With this fourth volume, a history documenting the evolution of political processes in the United States is complete. The four volumes in The Documentary History of the First Federal Elections record the process by which the Confederation Congress and the thirteen original states implemented the electoral provisions of the federal Constitution of 1787. Contemporaries understood that the first federal Congress would "flesh out" the Constitution, and that the first federal elections were therefore an important step in the continuing struggle to shape, influence, and control the central government. The Constitution and the Confederation Congress allowed the states wide latitude in choosing Senators and in framing their laws for the election of the first presidential Electors and Representatives. This latitude encouraged experimentation and a lively public discussion about the entire electoral process. In all the volumes of The Documentary History of the First Federal Elections, the reader will find a wide range of sources from official proclamations to contemporary newspaper accounts, from biographical sketches of candidates to the election results. Maps showing electoral districts accompany the political developments in each state. Volume IV contains documents relating to elections in North Carolina and Rhode Island as well as to the election of the president and vice president.
This text is a comprehensive military history of frontier conflict in Australia. Covering the first 50 years of British occupation in Australia, the book examines in detail how both sides fought on the frontier and examines how Aborigines developed a form of warfare differing from tradition.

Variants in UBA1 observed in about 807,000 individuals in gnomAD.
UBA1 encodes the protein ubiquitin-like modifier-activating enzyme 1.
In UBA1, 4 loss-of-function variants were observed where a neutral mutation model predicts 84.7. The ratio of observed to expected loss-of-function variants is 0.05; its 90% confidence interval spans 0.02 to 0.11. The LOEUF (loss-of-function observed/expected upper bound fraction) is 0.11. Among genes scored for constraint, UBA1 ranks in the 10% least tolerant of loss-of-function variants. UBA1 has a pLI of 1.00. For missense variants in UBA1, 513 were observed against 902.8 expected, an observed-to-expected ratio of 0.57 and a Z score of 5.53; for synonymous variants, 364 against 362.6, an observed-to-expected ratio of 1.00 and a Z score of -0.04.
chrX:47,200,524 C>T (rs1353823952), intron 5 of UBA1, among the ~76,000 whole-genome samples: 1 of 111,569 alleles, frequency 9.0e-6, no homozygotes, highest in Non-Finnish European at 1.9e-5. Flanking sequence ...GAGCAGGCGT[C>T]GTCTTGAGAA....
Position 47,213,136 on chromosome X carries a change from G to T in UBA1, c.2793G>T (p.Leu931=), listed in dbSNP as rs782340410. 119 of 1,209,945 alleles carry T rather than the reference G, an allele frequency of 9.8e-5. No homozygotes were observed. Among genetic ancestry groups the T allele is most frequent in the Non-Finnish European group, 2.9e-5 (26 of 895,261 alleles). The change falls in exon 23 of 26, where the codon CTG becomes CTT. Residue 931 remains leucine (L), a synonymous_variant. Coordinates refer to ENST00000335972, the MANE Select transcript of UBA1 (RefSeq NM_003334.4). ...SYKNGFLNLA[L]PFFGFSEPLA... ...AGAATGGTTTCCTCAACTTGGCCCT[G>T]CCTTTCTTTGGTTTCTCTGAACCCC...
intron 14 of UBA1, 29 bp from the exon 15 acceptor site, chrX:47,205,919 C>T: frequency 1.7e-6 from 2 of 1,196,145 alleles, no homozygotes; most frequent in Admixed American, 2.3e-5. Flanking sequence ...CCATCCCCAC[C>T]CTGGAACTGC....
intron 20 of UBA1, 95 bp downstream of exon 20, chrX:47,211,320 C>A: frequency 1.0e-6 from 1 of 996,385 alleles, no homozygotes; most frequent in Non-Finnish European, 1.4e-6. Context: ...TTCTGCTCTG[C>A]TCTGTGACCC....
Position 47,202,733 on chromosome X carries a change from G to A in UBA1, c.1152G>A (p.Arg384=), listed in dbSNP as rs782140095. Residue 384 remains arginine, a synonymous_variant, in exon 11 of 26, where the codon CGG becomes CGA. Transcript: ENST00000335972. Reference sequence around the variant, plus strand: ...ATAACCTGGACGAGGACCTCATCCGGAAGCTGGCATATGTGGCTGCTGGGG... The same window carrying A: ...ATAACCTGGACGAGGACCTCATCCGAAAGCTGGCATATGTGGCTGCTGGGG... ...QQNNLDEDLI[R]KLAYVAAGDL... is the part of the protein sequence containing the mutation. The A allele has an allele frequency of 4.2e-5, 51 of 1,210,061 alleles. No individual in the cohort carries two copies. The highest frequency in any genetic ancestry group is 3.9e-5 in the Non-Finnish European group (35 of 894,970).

Never before or since has there been an experiment quite as bold as this. Eleven of the tiniest ships sailed for eight months over the roughest of seas, carrying fifteen hundred people, food for two years and all the equipment needed to build a colony of convicts in a land completely beyond their experience and imagination. In Portsmouth the fleet's preparation was characterised by disease, promiscuity and death. The journey itself was one of unbearable hardship, but also of extraordinary resilience, with the majority of settlers and exiles making it alive to the new colony at Sydney Cove. There, however, they faced their biggest challenges of all: conflict, starvation and despair. Combining the skill of a vigilant journalist with the magic of a master novelist, David Hill brings the sights, sounds, sufferings and triumphs of the First Fleeters back to life. Journals, letters, reports and pleas to England are all interwoven here with the author's own insight and empathy to convey the innermost horrors and joys of the very first European Australians. The result is a narrative history that is surprising, compelling and unforgettable.